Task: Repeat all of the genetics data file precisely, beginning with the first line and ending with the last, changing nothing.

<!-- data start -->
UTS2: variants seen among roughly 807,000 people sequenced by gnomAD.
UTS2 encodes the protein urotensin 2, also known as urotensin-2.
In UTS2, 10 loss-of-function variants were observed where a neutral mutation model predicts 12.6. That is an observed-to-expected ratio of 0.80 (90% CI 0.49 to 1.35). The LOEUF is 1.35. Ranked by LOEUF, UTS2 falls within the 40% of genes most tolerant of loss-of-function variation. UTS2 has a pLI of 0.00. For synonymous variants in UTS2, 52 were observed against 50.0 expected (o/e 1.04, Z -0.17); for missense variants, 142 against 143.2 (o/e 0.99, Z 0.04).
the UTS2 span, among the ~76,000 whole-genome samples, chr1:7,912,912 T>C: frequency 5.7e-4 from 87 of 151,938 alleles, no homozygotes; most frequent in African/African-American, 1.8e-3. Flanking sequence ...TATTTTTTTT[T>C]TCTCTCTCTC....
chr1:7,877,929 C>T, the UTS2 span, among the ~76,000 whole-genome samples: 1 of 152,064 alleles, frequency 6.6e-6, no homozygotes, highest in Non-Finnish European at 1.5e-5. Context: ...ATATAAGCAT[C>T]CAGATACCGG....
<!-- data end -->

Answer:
UTS2: variants seen among roughly 807,000 people sequenced by gnomAD.
UTS2 encodes the protein urotensin 2, also known as urotensin-2.
In UTS2, 10 loss-of-function variants were observed where a neutral mutation model predicts 12.6. That is an observed-to-expected ratio of 0.80 (90% CI 0.49 to 1.35). The LOEUF is 1.35. Ranked by LOEUF, UTS2 falls within the 40% of genes most tolerant of loss-of-function variation. UTS2 has a pLI of 0.00. For synonymous variants in UTS2, 52 were observed against 50.0 expected (o/e 1.04, Z -0.17); for missense variants, 142 against 143.2 (o/e 0.99, Z 0.04).
the UTS2 span, among the ~76,000 whole-genome samples, chr1:7,912,912 T>C: frequency 5.7e-4 from 87 of 151,938 alleles, no homozygotes; most frequent in African/African-American, 1.8e-3. Flanking sequence ...TATTTTTTTT[T>C]TCTCTCTCTC....
chr1:7,877,929 C>T, the UTS2 span, among the ~76,000 whole-genome samples: 1 of 152,064 alleles, frequency 6.6e-6, no homozygotes, highest in Non-Finnish European at 1.5e-5. Context: ...ATATAAGCAT[C>T]CAGATACCGG....